Pastoral ministry can be busy and rewarding. It can also be a place to lose your sanity.
It is truly a joy to serve the Lord and the church as a pastor. We know many things we’re supposed to do—study, pray, read, show compassion, love others, and lead well. But there are some things I’ve learned we just shouldn’t do; not because they are sinful, but because they aren’t helpful.
These seven rules for keeping pastoral sanity are not intended to be legalistic. Rather, I hope they will assist us in our leadership interactions with others. I’ve listed them in the negative for effect and hope they will stick out to you as they have to me.
- Don’t believe everything everyone says about you. Some people will compliment you. Some will criticize you. If you believe all the compliments, you may become prideful. If you believe all the criticisms, you may despair. Believe what God says about you in the gospel and serve him. Find your identity in Jesus, not the commentary of others.
- Don’t take everything personally. It’s true, some people won’t like you, some will leave the church, and some will become disgruntled. Others will stay, support you, and follow you. But it is likely you are not the reason for either group. Even if you are the “excuse,” there’s almost always a deeper issue at hand. It’s usually not about you.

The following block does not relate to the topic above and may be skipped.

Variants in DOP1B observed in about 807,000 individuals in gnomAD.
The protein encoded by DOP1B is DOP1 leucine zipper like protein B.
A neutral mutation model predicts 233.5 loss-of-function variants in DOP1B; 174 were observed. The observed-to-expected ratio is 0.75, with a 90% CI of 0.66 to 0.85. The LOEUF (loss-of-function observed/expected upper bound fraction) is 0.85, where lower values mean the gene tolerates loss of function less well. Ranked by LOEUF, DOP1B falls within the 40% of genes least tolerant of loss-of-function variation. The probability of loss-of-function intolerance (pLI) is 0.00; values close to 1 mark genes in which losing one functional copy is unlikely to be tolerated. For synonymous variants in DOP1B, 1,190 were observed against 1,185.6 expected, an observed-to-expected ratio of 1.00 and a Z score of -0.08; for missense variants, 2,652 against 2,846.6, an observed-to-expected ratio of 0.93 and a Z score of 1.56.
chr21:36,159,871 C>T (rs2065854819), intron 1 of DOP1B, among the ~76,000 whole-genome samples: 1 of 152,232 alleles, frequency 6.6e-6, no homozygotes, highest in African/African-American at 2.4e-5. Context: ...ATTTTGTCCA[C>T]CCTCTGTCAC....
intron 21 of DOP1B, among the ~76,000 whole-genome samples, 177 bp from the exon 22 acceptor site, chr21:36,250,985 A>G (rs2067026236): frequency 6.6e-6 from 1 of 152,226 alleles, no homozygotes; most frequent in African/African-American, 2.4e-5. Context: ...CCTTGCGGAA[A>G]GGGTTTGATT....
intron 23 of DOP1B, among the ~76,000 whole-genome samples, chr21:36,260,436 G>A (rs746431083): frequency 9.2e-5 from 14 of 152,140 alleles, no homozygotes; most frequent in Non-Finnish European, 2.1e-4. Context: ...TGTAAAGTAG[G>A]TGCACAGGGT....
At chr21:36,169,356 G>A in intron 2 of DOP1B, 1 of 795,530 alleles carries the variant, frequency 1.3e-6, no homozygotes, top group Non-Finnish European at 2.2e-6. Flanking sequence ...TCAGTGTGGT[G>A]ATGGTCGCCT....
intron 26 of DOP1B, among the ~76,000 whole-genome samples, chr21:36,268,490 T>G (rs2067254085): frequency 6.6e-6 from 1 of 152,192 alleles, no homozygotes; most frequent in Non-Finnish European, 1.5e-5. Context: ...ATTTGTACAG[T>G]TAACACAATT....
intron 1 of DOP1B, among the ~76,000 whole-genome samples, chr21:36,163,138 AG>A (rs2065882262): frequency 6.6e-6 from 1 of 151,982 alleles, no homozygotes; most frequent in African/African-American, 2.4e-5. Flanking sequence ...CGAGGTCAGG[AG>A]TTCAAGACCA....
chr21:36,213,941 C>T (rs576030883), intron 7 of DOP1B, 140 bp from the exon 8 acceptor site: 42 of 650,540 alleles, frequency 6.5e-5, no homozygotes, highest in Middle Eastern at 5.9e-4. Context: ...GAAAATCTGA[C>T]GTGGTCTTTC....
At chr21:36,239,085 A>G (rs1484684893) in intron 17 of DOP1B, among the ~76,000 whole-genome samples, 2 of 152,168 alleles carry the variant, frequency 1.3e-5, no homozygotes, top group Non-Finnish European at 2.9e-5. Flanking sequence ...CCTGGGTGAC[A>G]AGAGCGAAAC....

- Don’t chase people. This refers to number two. Certainly, we should pursue reconciliation. We should own mistakes if we’ve made them. But we can’t focus our ministry on chasing people who have left. The truth is, even if we were able to sit down and address the concerns in detail, many of the concerns of those who leave are beyond our ability to remedy.
- Don’t take yourself too seriously. Ministry is serious business—the gospel, life and death ministry situations, leadership expectations, and all the rest. But the seriousness of our ministry should not lead to become coldly sober or overtly austere. Pastors should be accessible and authentic. Laughing at yourself and even sharing your faults with your congregation gives a healthy dose of reality and even levity to your ministry.
- Don’t neglect your family. Pastor, your first ministry is your family. Your church will have more than one pastor, but you are the only husband and father your children have. While the minister’s family will make sacrifices, you must set an example for loving and leading your family. If you don’t set that example in your church, then who will?
- Don’t think you’re indispensable. Your church existed before you and will exist after you. You are important, but not irreplaceable. Accept your leadership responsibility with humility and prayer. Remember, it’s not about you.
- Don’t try to do everything on your own. It is our job to equip others for the work of the ministry (Ephesians 4:11-12). Buying into the lie that you’re the only one who can do ministry reveals you could be breaking the previous six rules. Equip, make disciples, train, delegate, and trust others to do ministry. You and your church will be better for it.
These seven are not exhaustive. What rules or principles do you have that help maintain your sanity?